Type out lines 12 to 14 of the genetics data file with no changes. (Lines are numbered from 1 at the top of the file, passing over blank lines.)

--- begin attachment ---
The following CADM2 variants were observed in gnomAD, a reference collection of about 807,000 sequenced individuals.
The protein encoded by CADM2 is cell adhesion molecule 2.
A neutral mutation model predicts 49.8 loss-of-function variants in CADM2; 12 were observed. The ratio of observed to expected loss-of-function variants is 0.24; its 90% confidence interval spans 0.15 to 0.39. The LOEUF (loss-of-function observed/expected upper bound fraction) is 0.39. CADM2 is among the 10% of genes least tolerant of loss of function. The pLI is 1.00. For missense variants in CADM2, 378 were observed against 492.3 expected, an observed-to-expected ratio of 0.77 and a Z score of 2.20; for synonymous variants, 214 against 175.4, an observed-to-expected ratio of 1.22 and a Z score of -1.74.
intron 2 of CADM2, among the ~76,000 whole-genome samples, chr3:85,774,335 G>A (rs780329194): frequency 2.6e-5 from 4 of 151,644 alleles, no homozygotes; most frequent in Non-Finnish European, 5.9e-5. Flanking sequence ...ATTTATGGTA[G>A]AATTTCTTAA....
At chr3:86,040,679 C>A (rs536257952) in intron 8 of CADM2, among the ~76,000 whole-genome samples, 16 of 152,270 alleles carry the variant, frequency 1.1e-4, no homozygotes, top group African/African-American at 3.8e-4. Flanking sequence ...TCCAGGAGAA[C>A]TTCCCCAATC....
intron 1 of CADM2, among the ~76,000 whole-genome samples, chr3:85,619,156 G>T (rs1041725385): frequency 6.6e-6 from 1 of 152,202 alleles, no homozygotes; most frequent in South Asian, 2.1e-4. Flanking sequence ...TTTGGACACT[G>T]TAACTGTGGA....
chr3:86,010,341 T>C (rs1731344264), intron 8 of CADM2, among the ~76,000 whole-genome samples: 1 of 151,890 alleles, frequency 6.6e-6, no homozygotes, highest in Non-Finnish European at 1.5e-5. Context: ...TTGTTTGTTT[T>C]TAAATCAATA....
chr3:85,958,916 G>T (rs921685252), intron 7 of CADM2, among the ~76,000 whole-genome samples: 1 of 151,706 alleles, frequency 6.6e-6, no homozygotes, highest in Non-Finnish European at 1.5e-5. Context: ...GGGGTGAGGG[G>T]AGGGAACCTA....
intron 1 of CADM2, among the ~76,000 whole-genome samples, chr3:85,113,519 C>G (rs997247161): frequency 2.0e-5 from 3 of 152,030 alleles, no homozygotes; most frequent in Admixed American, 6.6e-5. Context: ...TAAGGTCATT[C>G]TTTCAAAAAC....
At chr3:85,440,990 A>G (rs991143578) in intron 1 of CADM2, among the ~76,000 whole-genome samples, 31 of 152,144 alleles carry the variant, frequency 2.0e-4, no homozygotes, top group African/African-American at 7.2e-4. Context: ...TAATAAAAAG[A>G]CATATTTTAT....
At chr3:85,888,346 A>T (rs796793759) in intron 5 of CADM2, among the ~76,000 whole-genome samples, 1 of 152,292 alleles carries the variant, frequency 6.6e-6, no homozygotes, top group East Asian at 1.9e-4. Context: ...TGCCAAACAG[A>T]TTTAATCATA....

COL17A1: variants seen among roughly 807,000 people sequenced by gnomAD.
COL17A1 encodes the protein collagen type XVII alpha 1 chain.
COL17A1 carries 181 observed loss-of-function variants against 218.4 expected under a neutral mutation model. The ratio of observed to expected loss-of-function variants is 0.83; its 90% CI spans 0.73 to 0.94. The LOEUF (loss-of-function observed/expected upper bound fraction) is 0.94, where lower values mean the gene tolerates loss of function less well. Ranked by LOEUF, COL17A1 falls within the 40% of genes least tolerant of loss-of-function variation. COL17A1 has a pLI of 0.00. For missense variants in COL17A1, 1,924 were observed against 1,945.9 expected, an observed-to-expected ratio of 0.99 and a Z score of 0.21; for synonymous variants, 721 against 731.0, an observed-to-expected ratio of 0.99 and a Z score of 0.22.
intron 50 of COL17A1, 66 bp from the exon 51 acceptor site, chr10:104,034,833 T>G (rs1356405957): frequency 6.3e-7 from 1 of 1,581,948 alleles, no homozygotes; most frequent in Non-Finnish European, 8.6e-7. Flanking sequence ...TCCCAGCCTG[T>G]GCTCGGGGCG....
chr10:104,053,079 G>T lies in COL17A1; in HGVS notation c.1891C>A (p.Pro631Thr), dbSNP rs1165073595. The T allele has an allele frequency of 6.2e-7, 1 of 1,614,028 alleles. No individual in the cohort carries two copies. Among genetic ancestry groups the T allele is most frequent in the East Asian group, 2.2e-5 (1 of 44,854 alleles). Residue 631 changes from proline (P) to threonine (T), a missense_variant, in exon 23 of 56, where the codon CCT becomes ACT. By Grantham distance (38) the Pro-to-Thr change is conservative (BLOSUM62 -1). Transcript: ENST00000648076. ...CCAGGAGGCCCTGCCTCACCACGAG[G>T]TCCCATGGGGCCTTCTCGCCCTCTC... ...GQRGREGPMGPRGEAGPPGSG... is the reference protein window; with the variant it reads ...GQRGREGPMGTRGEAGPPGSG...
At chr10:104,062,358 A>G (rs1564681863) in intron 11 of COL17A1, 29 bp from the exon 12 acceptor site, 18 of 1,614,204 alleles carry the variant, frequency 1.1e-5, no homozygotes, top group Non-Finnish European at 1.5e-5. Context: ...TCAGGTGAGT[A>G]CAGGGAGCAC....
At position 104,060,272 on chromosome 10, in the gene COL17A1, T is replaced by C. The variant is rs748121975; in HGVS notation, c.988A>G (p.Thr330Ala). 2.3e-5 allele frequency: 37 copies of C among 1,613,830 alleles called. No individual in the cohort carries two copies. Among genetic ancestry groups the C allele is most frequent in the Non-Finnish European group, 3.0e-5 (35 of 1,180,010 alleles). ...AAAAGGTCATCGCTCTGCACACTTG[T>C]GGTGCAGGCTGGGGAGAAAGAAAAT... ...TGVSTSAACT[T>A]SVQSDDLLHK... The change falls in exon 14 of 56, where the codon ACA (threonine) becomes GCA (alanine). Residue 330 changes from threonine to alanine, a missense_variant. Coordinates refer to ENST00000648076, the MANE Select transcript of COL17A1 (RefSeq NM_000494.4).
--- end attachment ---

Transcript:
COL17A1: variants seen among roughly 807,000 people sequenced by gnomAD.
COL17A1 encodes the protein collagen type XVII alpha 1 chain.
COL17A1 carries 181 observed loss-of-function variants against 218.4 expected under a neutral mutation model. The ratio of observed to expected loss-of-function variants is 0.83; its 90% CI spans 0.73 to 0.94. The LOEUF (loss-of-function observed/expected upper bound fraction) is 0.94, where lower values mean the gene tolerates loss of function less well. Ranked by LOEUF, COL17A1 falls within the 40% of genes least tolerant of loss-of-function variation. COL17A1 has a pLI of 0.00. For missense variants in COL17A1, 1,924 were observed against 1,945.9 expected, an observed-to-expected ratio of 0.99 and a Z score of 0.21; for synonymous variants, 721 against 731.0, an observed-to-expected ratio of 0.99 and a Z score of 0.22.